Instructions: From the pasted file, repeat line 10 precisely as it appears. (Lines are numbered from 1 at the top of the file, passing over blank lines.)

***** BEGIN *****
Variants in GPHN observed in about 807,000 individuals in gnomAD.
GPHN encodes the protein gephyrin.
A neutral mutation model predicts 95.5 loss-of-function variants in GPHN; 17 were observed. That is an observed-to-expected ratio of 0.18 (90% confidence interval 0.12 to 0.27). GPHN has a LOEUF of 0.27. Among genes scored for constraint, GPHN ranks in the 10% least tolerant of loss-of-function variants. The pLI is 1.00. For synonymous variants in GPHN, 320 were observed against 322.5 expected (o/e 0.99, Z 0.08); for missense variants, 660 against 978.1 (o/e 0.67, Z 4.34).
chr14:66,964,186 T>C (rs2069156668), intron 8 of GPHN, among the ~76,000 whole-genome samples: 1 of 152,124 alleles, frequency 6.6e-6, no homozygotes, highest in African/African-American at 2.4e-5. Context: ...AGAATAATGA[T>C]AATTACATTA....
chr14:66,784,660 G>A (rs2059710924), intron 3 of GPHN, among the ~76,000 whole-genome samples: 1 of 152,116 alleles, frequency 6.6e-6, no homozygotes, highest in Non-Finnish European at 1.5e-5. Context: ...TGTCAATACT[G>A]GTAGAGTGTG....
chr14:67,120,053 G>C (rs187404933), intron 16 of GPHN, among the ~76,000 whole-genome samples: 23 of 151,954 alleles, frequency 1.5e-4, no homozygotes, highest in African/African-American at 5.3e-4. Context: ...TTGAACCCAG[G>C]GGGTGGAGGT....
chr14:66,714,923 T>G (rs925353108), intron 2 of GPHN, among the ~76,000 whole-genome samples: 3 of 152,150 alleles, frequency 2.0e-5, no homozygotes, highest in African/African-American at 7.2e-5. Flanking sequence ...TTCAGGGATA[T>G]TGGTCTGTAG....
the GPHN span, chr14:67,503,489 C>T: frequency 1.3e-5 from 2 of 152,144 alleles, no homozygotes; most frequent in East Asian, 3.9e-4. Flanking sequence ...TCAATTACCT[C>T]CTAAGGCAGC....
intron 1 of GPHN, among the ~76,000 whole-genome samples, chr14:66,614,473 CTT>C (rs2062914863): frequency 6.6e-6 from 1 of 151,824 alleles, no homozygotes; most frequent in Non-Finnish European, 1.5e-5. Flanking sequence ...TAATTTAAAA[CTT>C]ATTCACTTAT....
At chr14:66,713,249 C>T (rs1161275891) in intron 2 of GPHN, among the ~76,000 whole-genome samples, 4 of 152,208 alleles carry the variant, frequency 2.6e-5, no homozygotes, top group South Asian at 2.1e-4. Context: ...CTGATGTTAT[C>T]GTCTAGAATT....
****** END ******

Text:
At chr14:66,713,249 C>T (rs1161275891) in intron 2 of GPHN, among the ~76,000 whole-genome samples, 4 of 152,208 alleles carry the variant, frequency 2.6e-5, no homozygotes, top group South Asian at 2.1e-4. Context: ...CTGATGTTAT[C>T]GTCTAGAATT....